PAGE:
Obamacare Ruling Has Tied Democrats in Rhetorical Knots
Judge Vinson just placed himself in the upper echelons of liberal’s shit list. Apparently liberal ideologues just can’t imagine that anyone could find a flaw in their greatest of achievements – Obamacare.
“There’s something thoroughly odd and unconventional about the analysis,” said one White House official. Really? The best critique you can come up with is “odd” and “unconventional”? This guy is clearly a legal scholar. I mean c’mon. Attack the precedent its based on, go after the logic used, argue that its interpretation of the Commerce Clause is way off, but if all you can say is essentially that it is weird, do me a favor and shut your yap. All that tells me is that you really, really, really want to find something wrong with the opinion, but can’t think of one darn thing that you is worthy of criticism.
Sadly, calling it “odd and unconventional” seems to be the best liberals could muster. Ezra Klein decided to compare it to Bush v. Gore for the simple, if idiotic, reason that it’s another case that liberals hate. Jonathan Cohn went on a search for clues to some sort of conspiracy theory and came up with a veiled reference to Tea Party groups. Look, look, it’s right there on page 42! Judge Vinson was trying to make the point that it seems ridiculous our founders would rebel against a tax on tea if they were then going to create a government that could mandate its purchase. Cohn loses all nuance, essentially pointing and shouting “He said tea! He said tea!” This he says is an obvious “shout out to the Tea Party.” To my knowledge liberals have been unable to find any hidden references or codes about Sarah Palin or Glenn Beck.
Finally, unable to come up with any of their own critiques, they decided to steal one of conservatives lines of attack – judicial activism. Stephanie Cutter of the White House Blog writes a post entitled “Judicial Activism and the Affordable Care Act” in which she argues, “Today’s ruling – issued by Judge Vinson in the Northern District of Florida – is a plain case of judicial overreaching. “ Jonathan Cohn echoes the argument,
“If judicial restraint means anything, it means deferring to the Congress on matters of policy preference–like, for example, whether it’s better to run a national health insurance system with a system of regulated private insurance rather than via a single-payer, government-run plan”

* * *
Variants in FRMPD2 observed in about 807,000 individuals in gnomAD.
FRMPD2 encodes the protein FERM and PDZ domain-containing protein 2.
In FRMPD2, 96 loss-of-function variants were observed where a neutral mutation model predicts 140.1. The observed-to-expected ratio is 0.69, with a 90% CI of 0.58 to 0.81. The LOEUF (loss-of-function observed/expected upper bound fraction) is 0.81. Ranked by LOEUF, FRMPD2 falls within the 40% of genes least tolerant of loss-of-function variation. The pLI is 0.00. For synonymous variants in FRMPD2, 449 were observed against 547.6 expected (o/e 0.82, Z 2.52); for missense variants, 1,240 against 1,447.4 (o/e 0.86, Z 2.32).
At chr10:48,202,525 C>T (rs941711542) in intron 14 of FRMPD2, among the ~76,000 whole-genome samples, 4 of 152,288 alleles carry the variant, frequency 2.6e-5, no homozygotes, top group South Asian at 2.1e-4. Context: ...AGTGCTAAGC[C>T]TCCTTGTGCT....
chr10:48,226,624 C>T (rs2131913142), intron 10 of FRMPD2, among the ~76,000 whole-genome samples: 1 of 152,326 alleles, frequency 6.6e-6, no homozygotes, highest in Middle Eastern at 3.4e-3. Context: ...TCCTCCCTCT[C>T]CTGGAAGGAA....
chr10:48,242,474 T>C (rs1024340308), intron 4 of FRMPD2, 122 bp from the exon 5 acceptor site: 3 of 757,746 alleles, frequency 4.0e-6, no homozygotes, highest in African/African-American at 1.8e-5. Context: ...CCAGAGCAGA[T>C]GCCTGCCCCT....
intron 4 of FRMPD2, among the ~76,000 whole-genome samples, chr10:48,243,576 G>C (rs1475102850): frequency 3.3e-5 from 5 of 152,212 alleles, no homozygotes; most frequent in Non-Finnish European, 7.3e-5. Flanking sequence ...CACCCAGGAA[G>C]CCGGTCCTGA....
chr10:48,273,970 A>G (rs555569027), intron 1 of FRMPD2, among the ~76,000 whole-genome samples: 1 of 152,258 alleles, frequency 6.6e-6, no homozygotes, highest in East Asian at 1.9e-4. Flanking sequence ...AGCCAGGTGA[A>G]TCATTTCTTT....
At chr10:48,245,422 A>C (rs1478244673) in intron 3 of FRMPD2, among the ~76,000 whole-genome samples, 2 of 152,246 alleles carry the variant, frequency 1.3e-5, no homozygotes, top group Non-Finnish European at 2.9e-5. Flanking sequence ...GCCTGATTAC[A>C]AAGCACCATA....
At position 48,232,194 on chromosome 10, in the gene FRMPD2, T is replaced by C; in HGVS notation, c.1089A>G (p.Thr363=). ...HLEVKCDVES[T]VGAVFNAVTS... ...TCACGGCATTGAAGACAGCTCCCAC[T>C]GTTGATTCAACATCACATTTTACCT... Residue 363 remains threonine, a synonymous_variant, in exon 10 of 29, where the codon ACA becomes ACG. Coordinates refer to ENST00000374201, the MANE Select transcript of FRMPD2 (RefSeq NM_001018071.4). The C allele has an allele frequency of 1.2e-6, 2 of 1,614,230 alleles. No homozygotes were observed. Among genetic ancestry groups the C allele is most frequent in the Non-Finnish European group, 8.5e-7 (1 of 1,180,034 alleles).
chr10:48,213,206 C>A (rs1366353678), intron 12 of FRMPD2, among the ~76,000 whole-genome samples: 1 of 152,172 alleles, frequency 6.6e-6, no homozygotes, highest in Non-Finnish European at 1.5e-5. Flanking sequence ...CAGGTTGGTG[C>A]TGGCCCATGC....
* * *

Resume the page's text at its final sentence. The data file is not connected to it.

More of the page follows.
What liberals like Cohn and Cutter fail to understand is that the measuring stick for judicial activism is not Congress, it’s the Constitution. Obamacare runs so far afoul of the Constitution, by broadening its Commerce powers to the point where Congress could do almost anything, that only judicial activism could interpret it any other way.
So why is Judge Vinson’s ruling getting liberal’s undies in a wad? After all, he isn’t the first judge to rule that Obamacare is unconstitutional. Ah, but he is the first judge to strike the law down in its entirety . Whereas the previous court found that the individual mandate (perhaps the most Constitutionally odious portion of the bill) could be taken out of the bill without harm, Vinson ruled otherwise.
On this issue, liberals shot themselves in the foot. As Vinson writes in his opinion,
I note that the defendants have acknowledged that the individual mandate and the Act’s health insurance reforms, including the guaranteed issue and community rating, will rise or fall together as these reforms “cannot be severed from the [individual mandate].” See, e.g., Def. Opp. at 40. As explained in my order on the motion to dismiss: “the defendants concede that [the individual mandate] is absolutely necessary for the Act’s insurance market reforms to work as intended. In fact, they refer to it as an ‘essential’ part of the Act at least fourteen times in their motion to dismiss.”
Congress knew that the individual mandate was essential to keeping healthcare costs low. By mandating younger, healthier individuals purchase more comprehensive healthcare than they want, or likely need, the bill could effectively subsidize their planned coverage expansion. Congress even said in the Act that,
[I]f there were no [individual mandate], many individuals would wait to purchase health insurance until they needed care . . . The [individual mandate] is essential to creating effective health insurance markets in which improved health insurance products that are guaranteed issue and do not exclude coverage of pre-existing conditions can be sold.
Now that liberals have spent the better part of the last two days trying, and dismally failing, to argue with Vinson on the merits, the fun part will be watching Democrats argue against themselves. Vinson’s agreement with Democratic legislators on the issue of severability essentially means that their lawyers will have to use their appeal to argue that the individual mandate was not necessary after all. As if their house of cards won’t tumble down when you remove the aces that prop up the entire thing.
Democrats greatest achievement of Obama’s term may also end up being their most spectacular failure. If they can’t do any better than call the decision “odd,” that result seems inevitable.
by Brandon Greife, Political Director of the College Republican National Committee